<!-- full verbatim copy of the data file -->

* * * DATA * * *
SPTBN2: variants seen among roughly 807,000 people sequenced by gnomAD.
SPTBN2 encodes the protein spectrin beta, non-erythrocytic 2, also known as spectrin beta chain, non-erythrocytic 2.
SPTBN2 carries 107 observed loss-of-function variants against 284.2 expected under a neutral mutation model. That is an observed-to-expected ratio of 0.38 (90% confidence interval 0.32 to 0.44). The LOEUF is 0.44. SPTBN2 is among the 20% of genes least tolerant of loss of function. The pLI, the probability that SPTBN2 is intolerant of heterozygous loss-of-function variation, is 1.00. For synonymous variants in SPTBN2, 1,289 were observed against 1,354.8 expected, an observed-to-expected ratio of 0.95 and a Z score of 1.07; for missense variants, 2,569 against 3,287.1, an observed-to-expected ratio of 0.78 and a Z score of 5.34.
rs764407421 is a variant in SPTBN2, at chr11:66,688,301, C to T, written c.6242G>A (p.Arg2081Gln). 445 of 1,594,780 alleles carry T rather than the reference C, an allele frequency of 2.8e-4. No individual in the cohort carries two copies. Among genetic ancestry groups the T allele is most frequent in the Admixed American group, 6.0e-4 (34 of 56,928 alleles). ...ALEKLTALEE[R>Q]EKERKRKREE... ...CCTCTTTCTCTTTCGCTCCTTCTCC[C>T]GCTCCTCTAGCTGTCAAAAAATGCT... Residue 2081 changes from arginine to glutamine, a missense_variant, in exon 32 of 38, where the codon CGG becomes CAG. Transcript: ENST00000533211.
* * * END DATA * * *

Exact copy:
SPTBN2: variants seen among roughly 807,000 people sequenced by gnomAD.
SPTBN2 encodes the protein spectrin beta, non-erythrocytic 2, also known as spectrin beta chain, non-erythrocytic 2.
SPTBN2 carries 107 observed loss-of-function variants against 284.2 expected under a neutral mutation model. That is an observed-to-expected ratio of 0.38 (90% confidence interval 0.32 to 0.44). The LOEUF is 0.44. SPTBN2 is among the 20% of genes least tolerant of loss of function. The pLI, the probability that SPTBN2 is intolerant of heterozygous loss-of-function variation, is 1.00. For synonymous variants in SPTBN2, 1,289 were observed against 1,354.8 expected, an observed-to-expected ratio of 0.95 and a Z score of 1.07; for missense variants, 2,569 against 3,287.1, an observed-to-expected ratio of 0.78 and a Z score of 5.34.
rs764407421 is a variant in SPTBN2, at chr11:66,688,301, C to T, written c.6242G>A (p.Arg2081Gln). 445 of 1,594,780 alleles carry T rather than the reference C, an allele frequency of 2.8e-4. No individual in the cohort carries two copies. Among genetic ancestry groups the T allele is most frequent in the Admixed American group, 6.0e-4 (34 of 56,928 alleles). ...ALEKLTALEE[R>Q]EKERKRKREE... ...CCTCTTTCTCTTTCGCTCCTTCTCC[C>T]GCTCCTCTAGCTGTCAAAAAATGCT... Residue 2081 changes from arginine to glutamine, a missense_variant, in exon 32 of 38, where the codon CGG becomes CAG. Transcript: ENST00000533211.